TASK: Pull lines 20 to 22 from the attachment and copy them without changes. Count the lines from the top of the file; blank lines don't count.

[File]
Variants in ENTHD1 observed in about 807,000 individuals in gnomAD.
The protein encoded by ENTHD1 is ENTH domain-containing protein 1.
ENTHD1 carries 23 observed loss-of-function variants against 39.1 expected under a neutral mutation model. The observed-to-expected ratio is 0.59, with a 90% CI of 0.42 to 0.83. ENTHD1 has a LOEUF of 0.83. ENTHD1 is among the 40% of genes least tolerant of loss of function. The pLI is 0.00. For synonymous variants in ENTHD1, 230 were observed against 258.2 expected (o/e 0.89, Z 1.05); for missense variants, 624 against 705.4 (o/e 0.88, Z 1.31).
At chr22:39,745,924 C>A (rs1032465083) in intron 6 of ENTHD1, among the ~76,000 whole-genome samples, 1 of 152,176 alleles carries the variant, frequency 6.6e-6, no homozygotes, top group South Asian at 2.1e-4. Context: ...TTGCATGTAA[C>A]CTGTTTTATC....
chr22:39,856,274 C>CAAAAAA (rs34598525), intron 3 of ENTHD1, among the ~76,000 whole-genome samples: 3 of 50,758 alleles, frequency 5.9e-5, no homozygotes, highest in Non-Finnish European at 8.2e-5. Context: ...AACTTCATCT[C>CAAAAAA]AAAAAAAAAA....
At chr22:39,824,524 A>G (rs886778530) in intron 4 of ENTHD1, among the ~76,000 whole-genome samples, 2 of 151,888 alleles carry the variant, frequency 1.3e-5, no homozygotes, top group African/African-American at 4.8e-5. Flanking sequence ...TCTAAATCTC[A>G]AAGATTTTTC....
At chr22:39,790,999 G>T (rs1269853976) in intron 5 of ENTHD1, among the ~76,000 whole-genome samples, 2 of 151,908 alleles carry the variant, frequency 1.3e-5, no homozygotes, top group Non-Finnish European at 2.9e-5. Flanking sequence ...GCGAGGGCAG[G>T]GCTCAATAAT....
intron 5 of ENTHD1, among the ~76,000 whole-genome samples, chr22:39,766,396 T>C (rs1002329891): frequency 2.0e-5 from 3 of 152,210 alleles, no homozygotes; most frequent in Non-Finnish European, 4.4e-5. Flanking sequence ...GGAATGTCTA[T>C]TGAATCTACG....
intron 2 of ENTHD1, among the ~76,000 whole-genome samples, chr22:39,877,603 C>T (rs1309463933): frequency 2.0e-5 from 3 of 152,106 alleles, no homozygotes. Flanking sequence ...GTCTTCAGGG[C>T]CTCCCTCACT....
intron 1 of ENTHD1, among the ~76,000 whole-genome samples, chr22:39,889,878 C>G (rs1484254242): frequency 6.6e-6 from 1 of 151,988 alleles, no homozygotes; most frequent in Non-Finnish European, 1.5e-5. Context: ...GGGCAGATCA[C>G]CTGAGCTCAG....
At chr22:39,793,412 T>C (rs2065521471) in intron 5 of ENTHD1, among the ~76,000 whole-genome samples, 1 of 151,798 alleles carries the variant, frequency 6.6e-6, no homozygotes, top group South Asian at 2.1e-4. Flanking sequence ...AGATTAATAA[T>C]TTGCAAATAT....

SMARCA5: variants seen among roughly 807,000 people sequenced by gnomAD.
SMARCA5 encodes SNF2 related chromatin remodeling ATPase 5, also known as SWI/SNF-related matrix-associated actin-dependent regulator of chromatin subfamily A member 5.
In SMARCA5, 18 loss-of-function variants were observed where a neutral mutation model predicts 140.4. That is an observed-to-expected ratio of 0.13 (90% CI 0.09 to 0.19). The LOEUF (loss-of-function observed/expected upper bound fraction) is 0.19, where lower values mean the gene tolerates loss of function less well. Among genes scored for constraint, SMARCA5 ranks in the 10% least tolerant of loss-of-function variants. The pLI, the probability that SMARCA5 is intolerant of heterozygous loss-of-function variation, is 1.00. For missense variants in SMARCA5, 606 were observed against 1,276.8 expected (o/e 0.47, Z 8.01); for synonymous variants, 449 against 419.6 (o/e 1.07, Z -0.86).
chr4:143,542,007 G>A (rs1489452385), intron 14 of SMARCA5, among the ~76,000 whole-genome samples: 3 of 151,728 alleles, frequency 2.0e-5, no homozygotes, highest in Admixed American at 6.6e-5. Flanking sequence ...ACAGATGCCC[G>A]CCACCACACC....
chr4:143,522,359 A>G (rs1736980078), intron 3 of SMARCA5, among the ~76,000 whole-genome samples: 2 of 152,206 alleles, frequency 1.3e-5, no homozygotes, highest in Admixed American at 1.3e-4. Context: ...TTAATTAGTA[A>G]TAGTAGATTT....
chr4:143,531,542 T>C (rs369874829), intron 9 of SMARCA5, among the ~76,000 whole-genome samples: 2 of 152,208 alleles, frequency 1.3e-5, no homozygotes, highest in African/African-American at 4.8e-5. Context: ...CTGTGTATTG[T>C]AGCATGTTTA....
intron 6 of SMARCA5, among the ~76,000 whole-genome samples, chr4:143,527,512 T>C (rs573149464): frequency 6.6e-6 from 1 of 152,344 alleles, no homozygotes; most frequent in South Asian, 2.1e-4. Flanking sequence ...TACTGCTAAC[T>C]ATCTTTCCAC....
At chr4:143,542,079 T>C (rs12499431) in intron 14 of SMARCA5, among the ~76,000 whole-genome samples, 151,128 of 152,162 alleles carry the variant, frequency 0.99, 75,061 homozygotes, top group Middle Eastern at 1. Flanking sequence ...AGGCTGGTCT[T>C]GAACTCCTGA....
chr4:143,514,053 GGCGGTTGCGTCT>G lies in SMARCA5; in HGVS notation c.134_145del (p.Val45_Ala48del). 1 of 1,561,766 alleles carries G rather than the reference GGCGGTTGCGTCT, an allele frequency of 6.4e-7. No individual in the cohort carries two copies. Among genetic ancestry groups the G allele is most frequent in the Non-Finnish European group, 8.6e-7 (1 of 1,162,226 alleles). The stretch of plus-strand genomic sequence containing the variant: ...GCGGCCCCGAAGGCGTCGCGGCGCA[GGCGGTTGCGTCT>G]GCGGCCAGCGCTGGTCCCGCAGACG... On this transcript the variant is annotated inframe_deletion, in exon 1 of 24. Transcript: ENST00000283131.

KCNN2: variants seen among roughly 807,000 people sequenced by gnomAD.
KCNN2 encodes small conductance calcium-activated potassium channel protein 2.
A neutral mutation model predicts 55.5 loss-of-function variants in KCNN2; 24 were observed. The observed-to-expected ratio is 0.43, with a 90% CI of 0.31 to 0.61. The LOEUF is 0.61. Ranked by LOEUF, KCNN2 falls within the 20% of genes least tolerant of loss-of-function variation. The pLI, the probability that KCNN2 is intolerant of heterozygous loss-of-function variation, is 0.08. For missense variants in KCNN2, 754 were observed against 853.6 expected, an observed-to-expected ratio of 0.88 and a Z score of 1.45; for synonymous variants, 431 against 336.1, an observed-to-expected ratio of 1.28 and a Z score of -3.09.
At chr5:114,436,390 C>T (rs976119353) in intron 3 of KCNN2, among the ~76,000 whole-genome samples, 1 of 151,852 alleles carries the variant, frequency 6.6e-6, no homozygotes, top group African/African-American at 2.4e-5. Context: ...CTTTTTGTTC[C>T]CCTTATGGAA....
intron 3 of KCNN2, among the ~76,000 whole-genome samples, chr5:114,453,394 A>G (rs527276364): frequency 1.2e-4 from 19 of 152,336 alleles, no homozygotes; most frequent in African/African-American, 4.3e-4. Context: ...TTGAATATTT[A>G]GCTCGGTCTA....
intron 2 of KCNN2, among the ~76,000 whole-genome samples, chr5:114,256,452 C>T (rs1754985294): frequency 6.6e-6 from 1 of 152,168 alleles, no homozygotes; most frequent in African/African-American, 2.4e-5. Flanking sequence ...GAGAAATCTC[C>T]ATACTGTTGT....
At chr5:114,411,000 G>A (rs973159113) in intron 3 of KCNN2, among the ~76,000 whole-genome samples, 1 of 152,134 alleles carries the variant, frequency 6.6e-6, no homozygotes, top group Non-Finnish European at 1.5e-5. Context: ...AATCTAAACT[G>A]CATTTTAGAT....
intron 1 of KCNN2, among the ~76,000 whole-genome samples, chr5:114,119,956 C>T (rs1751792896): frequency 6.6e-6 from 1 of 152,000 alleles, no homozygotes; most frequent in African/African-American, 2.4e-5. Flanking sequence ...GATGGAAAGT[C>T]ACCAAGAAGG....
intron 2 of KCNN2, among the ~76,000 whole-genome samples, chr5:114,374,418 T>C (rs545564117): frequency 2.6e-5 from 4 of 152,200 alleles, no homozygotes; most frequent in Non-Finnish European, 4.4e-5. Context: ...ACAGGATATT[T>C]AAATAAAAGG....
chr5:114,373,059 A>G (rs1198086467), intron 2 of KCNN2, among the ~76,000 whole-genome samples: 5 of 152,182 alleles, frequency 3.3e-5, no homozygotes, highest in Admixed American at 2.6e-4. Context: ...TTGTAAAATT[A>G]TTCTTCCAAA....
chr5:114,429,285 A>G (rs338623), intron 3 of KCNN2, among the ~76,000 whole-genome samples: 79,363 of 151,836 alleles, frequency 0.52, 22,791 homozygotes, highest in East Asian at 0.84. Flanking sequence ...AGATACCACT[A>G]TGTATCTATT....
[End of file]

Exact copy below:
chr4:143,514,053 GGCGGTTGCGTCT>G lies in SMARCA5; in HGVS notation c.134_145del (p.Val45_Ala48del). 1 of 1,561,766 alleles carries G rather than the reference GGCGGTTGCGTCT, an allele frequency of 6.4e-7. No individual in the cohort carries two copies. Among genetic ancestry groups the G allele is most frequent in the Non-Finnish European group, 8.6e-7 (1 of 1,162,226 alleles). The stretch of plus-strand genomic sequence containing the variant: ...GCGGCCCCGAAGGCGTCGCGGCGCA[GGCGGTTGCGTCT>G]GCGGCCAGCGCTGGTCCCGCAGACG... On this transcript the variant is annotated inframe_deletion, in exon 1 of 24. Transcript: ENST00000283131.

KCNN2: variants seen among roughly 807,000 people sequenced by gnomAD.
KCNN2 encodes small conductance calcium-activated potassium channel protein 2.